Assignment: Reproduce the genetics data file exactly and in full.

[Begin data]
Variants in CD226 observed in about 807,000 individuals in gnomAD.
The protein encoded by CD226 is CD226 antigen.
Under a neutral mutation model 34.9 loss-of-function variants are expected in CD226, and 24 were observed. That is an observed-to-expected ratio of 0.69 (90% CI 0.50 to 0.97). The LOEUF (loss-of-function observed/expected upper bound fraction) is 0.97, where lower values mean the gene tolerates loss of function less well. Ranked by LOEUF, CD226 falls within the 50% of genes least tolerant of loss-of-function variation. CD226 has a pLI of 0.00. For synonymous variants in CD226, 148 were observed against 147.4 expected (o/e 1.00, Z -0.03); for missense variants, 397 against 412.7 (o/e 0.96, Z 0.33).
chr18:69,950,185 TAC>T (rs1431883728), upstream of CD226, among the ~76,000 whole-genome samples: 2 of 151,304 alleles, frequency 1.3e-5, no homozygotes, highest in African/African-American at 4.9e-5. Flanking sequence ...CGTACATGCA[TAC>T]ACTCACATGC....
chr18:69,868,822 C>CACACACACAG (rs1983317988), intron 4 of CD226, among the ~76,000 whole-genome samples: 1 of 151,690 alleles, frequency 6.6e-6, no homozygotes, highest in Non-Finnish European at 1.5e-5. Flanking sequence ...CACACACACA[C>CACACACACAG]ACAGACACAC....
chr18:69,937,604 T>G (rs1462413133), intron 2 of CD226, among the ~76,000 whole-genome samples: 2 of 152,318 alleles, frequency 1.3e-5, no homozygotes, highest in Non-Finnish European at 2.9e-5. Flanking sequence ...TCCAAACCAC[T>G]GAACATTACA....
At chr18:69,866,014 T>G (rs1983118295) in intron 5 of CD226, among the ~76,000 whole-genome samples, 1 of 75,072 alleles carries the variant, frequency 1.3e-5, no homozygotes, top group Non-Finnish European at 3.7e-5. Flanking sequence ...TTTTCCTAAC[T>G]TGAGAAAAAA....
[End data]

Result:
Variants in CD226 observed in about 807,000 individuals in gnomAD.
The protein encoded by CD226 is CD226 antigen.
Under a neutral mutation model 34.9 loss-of-function variants are expected in CD226, and 24 were observed. That is an observed-to-expected ratio of 0.69 (90% CI 0.50 to 0.97). The LOEUF (loss-of-function observed/expected upper bound fraction) is 0.97, where lower values mean the gene tolerates loss of function less well. Ranked by LOEUF, CD226 falls within the 50% of genes least tolerant of loss-of-function variation. CD226 has a pLI of 0.00. For synonymous variants in CD226, 148 were observed against 147.4 expected (o/e 1.00, Z -0.03); for missense variants, 397 against 412.7 (o/e 0.96, Z 0.33).
chr18:69,950,185 TAC>T (rs1431883728), upstream of CD226, among the ~76,000 whole-genome samples: 2 of 151,304 alleles, frequency 1.3e-5, no homozygotes, highest in African/African-American at 4.9e-5. Flanking sequence ...CGTACATGCA[TAC>T]ACTCACATGC....
chr18:69,868,822 C>CACACACACAG (rs1983317988), intron 4 of CD226, among the ~76,000 whole-genome samples: 1 of 151,690 alleles, frequency 6.6e-6, no homozygotes, highest in Non-Finnish European at 1.5e-5. Flanking sequence ...CACACACACA[C>CACACACACAG]ACAGACACAC....
chr18:69,937,604 T>G (rs1462413133), intron 2 of CD226, among the ~76,000 whole-genome samples: 2 of 152,318 alleles, frequency 1.3e-5, no homozygotes, highest in Non-Finnish European at 2.9e-5. Flanking sequence ...TCCAAACCAC[T>G]GAACATTACA....
At chr18:69,866,014 T>G (rs1983118295) in intron 5 of CD226, among the ~76,000 whole-genome samples, 1 of 75,072 alleles carries the variant, frequency 1.3e-5, no homozygotes, top group Non-Finnish European at 3.7e-5. Flanking sequence ...TTTTCCTAAC[T>G]TGAGAAAAAA....